Traditional training structures are changing

Citrix GoToTraining has just released a paper I was commissioned to write, called What’s working and what’s not in online training. Here is the introduction, and you can read the rest at the link. I will be following up on some of the themes I discuss in this paper in the coming weeks.

The new challenge for learning professionals

The novelist William Gibson said, “The future is already here – it’s just not evenly distributed.” What training and development professionals can expect in the next year is already here, but not yet visible to everyone. The near future will look like the near past, with more complex social and technological connections inside and outside organizations. The rapid pace of change is unlikely to abate in the near future.

One thing is obvious, however: Learning is becoming more collaborative. In just the past year, we have seen several advancements, introductions and evolutions in the world of learning, including:

Silicon Valley and Ivy League schools are opening up their courses for free online. Massively Open Online Courses (MOOCs), as they’re called, are initiatives hoping to disrupt higher education.

Learning management systems have become talent management or social collaboration systems as they try to increase their relevance beyond training. Last year I worked with a client that had reduced its corporate university staff by over half and outsourced all course development. Recently, McGill University management professor Karl Moore, in Forbes magazine, asked, “Is the traditional corporate university dead?”

From this, it’s clear — traditional training structures, based on institutions, programs, courses and classes, are changing.

Probably the biggest change we are seeing in online training is that the content delivery model is being replaced by more social and collaborative frameworks. This is due to almost universal Internet connectivity, especially with mobile devices, as well as a growing familiarity with online social networks such as Facebook and LinkedIn. What follows is a list of near-term trends that should be taken into consideration by learning professionals during the next year and beyond … read the rest of the paper on slideshare.

2 Responses to “Traditional training structures are changing”

  1. Ara Ohanian

    Harold, you have hit the nail on the head. For sure, the arrival of new technologies and the 24/7 digitally connected Millennial workforce has pushed collaborative learning to the top of the agenda and will force a change of role for learning professionals – as they evolve into facilitators with a brief to deliver business impact.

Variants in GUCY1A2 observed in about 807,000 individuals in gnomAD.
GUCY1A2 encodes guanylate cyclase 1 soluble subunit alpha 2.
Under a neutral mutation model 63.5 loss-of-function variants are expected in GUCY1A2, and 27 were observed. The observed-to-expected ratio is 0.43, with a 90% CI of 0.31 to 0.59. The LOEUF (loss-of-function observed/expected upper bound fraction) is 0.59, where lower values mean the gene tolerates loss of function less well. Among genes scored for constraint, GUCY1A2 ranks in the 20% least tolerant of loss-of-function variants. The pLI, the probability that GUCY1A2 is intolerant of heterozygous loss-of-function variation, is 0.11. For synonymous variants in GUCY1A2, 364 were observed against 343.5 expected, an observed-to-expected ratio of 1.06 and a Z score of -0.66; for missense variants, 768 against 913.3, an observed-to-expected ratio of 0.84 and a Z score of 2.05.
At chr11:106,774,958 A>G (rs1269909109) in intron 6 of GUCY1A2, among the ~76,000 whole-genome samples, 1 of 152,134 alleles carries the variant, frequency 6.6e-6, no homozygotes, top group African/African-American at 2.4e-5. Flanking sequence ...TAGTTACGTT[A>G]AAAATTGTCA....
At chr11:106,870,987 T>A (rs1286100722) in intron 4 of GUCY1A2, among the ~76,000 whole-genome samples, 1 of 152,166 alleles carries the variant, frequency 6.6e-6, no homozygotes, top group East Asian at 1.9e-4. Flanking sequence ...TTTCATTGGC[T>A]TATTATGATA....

2. Helen Blunden

    Thanks for the thought provoking post and the reference paper Harold. Our business is currently seeing and experiencing the very things mentioned. As a back office function for a major corporate, the majority of the roles and the work have been (or in the process of being outsourced). Similarly, entire functions such as the call centre is being reduced with customer management technology implementations that mean a ‘self service’ approach to customers finding answers on the web. For the learning and development team, a massive reduction in staff and a push to ‘explore new ways of learning’ is placed on the ‘stunned’ team that were so used to rolling out facilitator led classes…but no longer.

    Recently I did a MOOC (Gamification on Coursera) just to see what the fuss is about and it will be interesting to see how these grow and are used. At the moment they seem to be dedicated to academia but I wonder if there would ever be a MOOC designed for generic courses that corporates use (sales, leadership, customer service skills etc) and how that model would work – or if it would work? Regardless, I told my team about these MOOCs and now four of them have signed on to do an e-learning course through Coursera starting next month as we are encouraged to do our own professional development and the boss doesn’t complain when it’s free (!!)

    I’ve been asked to provide some advice around the future strategy of L&D for this team and your workshops, articles and posts like this one have made me reflect on what we could do as a business. We have a massive cultural change and expectations to set with our clients but also bigger ones with our own team members but I’m all set for the challenge and will be proposing the Social Learning Centre as a place to start for our L&D members. Thanks again!


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